3D printing, delivery bots and platoons of driverless trucks are transforming how goods are manufactured, shipped and distributed. What’s more is more and more of today’s industrial facilities are being built for both humans and robots, according to a report published by Cushman & Wakefield, Chicago.

Here are some key takeaways from the study, “Tech Disruptors and the Supply Chain:”  

  • Adoption of disruptive supply chain technologies could double in the next 5 years, affecting the speed, accuracy and cost of delivery of products. The resulting disruption to supply chain-related commercial real estate is expected to be widespread, and will redefine where facilities are located and designed. Additionally, these technologies will lead to a very different customer experience.
  • Clearer differentiations in asset quality are likely to emerge. For instance, some technologies—such as advanced automation/robotics—require higher ceilings and very flat floors.
  • Last-mile delivery and services will also be transformed. As technology facilitates same-day delivery, the need for urban warehousing for high-velocity goods will increase.
  • Industrial real estate in particular, including the current last-mile delivery model, will be affected, as will retail space. Real estate development as a whole will also be impacted by 3D printing.
  • Two-thirds of the total industrial inventory in the United States is devoted to logistics and a majority (60%) of the available space is more than 20 years old. Over half of the inventory has clear heights below 28 feet. This limits options for tenants seeking modern space, although construction is also at historic highs to meet some of this demand.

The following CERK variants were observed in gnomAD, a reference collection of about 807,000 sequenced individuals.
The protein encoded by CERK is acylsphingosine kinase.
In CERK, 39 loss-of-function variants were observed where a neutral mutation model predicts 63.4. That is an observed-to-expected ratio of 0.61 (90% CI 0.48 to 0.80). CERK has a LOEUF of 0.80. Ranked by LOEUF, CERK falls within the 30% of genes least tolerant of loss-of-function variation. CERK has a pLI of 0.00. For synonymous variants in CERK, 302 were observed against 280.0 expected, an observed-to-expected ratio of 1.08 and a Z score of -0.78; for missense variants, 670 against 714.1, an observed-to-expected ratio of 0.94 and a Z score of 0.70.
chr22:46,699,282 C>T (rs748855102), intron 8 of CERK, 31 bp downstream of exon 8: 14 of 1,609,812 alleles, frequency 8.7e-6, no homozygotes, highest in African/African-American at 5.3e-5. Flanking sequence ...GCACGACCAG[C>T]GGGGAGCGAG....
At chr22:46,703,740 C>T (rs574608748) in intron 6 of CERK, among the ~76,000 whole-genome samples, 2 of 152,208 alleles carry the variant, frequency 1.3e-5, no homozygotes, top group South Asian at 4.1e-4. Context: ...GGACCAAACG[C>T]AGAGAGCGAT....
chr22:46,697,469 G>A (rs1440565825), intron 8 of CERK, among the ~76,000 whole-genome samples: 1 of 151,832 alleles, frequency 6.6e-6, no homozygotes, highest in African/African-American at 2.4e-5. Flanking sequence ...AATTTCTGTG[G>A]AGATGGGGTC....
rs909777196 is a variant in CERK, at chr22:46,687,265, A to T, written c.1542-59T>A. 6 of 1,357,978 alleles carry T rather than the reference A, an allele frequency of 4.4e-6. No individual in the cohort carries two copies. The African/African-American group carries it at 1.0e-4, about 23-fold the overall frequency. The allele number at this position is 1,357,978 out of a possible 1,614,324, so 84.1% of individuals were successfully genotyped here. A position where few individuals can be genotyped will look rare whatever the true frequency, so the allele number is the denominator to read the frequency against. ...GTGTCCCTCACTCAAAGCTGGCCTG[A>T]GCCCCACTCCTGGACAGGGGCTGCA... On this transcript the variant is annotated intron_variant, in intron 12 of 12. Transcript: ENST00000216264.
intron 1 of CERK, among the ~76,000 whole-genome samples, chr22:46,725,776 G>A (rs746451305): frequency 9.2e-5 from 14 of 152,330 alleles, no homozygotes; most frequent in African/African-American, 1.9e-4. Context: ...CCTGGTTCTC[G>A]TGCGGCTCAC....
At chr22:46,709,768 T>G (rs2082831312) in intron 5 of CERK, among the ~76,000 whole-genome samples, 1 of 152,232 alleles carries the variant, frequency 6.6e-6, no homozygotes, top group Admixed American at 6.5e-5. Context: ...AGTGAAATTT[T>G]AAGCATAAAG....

• Supply chain commercial real estate of the future will not just be built for people, but also for robots. The average rentable building area for newly delivered warehouse product has increased by 60% nationwide over the past 20 years, partly due to increased inventories driven by e-commerce. Clearer differentiations in asset quality are likely to emerge as some technologies—such as advanced automation/robotics—require higher ceilings (32-36 feet clear) and very flat floors.
  • In order for existing inventory to keep pace and avoid becoming obsolete, certain design considerations will need to be implemented.
  • However, closer to urban cores, warehouse/distribution facilities will be smaller and less automated than regional distribution centers, which will focus on labels, stocking and picking. Infill locations will more than likely need to maintain lower ceiling heights for high-velocity goods.
  • The logistics map will also be redrawn to some extent. Demand for warehouses in major port markets such as Los Angeles and Inland Empire, those close to large population centers (e.g., New Jersey) and in major distribution hubs, including Chicago and Atlanta, will remain strong due to the ever-increasing need for services. Fully autonomous logistics—although still decades away— will, however, lower transportation costs and make remote locations such as secondary/tertiary markets, where commercial real estate costs are typically lower, become more attractive.